I remember many times in my youth making fun of my pastor (often to his face) about his receding hair line. Of course, my pastor was a good sport about it and often made fun of himself. I’m glad that I live in a world where God doesn’t exist, because if he did I may have received worse punishment than the fair recession of my own hair.
The natural response of a child, upon seeing a bald man, is to make fun of him. The natural response of a loving and just God upon hearing children making fun of one of his servants for being bald is to have them eviscerated.
God loves all the little children. Except the ones He feeds to bears.
And he went up from thence unto Bethel: and as he was going up by the way, there came forth little children out of the city, and mocked him, and said unto him, Go up, thou bald head; go up, thou bald head. And he turned back, and looked on them, and cursed them in the name of the LORD. And there came forth two she bears out of the wood, and tare forty and two children of them. (II Kings 2:23-24 KJV)
I once looked on this with respect for the man of God. Now, I realize that whether the kids were saying “Ha ha, you’re bald,” or “Leave town because we don’t want to hear your message” or “Have a great time in town, baldy, because we plan to stab you and take all your money,” there is no moral way to explain sending bears to disembowel them.
This is actually one of the best-known stories in the Bible of God’s atrocities. I still have a hard time understanding how I didn’t see this as being awful back when I first read it, and the 25 or so times after that, and all the times I heard it preached as though it were something wonderful.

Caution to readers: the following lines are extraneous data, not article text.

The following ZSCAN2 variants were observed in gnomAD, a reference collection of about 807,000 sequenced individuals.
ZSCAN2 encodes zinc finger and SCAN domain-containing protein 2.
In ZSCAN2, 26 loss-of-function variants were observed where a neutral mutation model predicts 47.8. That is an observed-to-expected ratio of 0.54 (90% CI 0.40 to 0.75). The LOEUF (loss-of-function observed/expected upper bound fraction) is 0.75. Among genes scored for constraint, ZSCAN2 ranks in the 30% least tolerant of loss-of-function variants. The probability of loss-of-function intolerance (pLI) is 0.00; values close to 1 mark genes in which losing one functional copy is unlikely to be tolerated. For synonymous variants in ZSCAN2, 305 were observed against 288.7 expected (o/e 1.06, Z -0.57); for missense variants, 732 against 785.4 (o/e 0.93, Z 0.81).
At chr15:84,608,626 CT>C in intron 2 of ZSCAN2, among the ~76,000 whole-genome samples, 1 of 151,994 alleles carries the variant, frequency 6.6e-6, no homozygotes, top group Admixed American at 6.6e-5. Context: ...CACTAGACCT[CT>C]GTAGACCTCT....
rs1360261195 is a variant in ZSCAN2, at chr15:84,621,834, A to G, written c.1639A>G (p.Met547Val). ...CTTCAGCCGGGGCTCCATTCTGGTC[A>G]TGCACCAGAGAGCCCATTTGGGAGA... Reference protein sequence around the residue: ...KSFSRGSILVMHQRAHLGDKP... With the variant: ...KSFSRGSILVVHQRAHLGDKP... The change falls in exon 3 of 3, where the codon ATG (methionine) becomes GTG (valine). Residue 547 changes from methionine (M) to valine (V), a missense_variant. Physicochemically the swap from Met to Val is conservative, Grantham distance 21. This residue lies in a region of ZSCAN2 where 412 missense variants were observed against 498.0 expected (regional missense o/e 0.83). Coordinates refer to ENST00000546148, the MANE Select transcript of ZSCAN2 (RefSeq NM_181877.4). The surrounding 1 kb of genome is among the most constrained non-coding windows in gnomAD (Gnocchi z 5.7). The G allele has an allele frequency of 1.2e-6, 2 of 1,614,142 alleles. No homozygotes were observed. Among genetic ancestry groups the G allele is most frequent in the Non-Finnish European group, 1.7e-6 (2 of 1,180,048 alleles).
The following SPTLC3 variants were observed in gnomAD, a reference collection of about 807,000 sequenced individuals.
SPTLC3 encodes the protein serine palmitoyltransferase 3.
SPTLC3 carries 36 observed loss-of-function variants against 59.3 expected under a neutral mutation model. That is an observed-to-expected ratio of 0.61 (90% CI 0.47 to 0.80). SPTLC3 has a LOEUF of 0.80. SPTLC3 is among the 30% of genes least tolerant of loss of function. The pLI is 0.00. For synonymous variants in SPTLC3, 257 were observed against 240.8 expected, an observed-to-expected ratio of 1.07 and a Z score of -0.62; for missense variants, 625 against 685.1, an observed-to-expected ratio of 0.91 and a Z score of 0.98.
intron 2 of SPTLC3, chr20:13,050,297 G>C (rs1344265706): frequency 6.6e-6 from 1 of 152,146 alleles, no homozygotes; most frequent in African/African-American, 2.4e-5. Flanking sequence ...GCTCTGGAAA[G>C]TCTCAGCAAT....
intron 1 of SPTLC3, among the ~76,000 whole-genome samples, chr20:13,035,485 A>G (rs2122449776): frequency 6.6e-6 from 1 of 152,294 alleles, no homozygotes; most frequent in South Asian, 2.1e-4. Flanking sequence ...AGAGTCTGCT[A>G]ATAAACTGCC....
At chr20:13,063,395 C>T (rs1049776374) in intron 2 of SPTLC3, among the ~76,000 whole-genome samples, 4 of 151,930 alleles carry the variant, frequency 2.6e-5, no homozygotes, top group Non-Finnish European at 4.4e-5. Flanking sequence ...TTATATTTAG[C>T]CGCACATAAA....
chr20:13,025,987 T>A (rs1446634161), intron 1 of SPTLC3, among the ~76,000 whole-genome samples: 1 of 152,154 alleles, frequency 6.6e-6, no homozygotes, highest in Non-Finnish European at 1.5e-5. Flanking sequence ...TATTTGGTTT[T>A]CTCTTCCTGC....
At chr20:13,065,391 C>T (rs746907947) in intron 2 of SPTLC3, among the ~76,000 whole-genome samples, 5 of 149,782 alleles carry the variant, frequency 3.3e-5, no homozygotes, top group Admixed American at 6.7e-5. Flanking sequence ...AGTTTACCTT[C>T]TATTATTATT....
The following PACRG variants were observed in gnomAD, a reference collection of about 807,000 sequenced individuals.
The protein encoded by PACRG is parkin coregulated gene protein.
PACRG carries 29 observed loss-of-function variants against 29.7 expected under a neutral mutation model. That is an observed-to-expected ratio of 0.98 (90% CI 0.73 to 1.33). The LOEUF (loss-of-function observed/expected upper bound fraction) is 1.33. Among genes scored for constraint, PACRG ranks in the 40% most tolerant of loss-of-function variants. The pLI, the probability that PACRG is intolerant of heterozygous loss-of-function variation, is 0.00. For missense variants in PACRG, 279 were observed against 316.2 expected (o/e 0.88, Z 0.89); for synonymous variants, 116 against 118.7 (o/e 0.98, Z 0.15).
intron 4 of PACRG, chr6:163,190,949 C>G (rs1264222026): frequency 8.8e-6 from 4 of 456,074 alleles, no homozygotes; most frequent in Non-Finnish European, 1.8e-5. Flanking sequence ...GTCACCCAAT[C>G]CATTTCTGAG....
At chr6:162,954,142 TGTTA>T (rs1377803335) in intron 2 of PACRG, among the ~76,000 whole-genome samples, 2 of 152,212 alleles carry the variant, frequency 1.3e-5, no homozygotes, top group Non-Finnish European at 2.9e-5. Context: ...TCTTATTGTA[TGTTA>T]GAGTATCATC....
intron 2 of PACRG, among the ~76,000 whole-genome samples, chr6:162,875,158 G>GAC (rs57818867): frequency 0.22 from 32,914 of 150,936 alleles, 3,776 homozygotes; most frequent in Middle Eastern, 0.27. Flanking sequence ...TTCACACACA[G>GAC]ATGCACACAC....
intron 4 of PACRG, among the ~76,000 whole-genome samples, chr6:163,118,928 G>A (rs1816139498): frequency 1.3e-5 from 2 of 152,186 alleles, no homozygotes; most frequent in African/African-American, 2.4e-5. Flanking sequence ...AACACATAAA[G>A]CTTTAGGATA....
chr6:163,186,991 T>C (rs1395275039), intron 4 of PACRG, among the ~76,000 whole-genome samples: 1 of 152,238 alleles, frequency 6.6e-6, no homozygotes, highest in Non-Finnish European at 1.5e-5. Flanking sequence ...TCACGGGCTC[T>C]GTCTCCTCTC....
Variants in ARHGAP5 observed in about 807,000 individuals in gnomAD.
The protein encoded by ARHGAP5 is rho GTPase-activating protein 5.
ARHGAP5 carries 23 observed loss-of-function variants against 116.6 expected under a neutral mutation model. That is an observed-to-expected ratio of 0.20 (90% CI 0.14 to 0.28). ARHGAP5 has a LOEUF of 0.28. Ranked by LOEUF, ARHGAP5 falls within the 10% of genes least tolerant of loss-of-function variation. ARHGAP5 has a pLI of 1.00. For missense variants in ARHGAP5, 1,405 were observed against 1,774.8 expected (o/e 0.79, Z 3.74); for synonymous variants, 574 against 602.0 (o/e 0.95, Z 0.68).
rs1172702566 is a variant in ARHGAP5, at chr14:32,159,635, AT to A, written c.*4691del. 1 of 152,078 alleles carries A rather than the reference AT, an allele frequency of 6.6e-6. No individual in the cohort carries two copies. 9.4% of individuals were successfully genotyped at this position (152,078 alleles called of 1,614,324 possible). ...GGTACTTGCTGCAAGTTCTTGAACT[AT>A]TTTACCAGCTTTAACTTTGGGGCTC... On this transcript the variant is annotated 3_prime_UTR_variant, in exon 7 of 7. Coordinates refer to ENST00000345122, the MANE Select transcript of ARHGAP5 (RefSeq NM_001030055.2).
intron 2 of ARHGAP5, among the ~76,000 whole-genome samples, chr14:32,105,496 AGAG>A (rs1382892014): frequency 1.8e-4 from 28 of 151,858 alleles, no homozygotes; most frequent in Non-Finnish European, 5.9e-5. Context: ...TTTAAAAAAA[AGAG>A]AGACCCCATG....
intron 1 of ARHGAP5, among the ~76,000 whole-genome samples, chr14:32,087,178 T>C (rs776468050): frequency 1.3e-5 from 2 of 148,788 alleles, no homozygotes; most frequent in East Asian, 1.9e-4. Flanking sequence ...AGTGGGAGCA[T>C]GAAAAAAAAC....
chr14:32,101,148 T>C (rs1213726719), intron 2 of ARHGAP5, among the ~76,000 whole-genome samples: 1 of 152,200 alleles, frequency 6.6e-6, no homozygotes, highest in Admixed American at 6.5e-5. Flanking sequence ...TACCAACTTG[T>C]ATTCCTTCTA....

Next up is another story I never really picked up on, and which most people don’t.
7: “One More Night With Them Stinkin’ Frogs.”
Lots of frogs legs . . . but that murdering of all firstborn might be going a bit far. Image: middletownbiblechurch.org
The really interesting part of the story isn’t Pharaoh’s insistence that he spend “one more night in sin,” as the preachers will tell you the passage means. It’s that it was God, not Pharaoh, who made Pharaoh say no when Moses asked him to let his people go.
And he hardened Pharaoh’s heart, that he hearkened not unto them; as the LORD had said. (Exodus 7:13 KJV)
Because God hardened Pharaoh’s heart, the people of Egypt continued to suffer the plagues, ending with the death of the firstborn child of every Egyptian household. (Jews celebrate this massacre with Passover.)
That’s a lot of innocent deaths for God’s punishment of one man . . . who did something God made him do. Sounds almost like . . .
6: 70,000 Innocent People Killed Because Someone Counted Them
King David receives the results of his Census of the Damned.
And Joab gave the sum of the number of the people unto David. And all they of Israel were a thousand thousand and an hundred thousand men that drew sword: and Judah was four hundred threescore and ten thousand men that drew sword. But Levi and Benjamin counted he not among them: for the king’s word was abominable to Joab. And God was displeased with this thing; therefore he smote Israel. And David said unto God, I have sinned greatly, because I have done this thing: but now, I beseech thee, do away the iniquity of thy servant; for I have done very foolishly . . .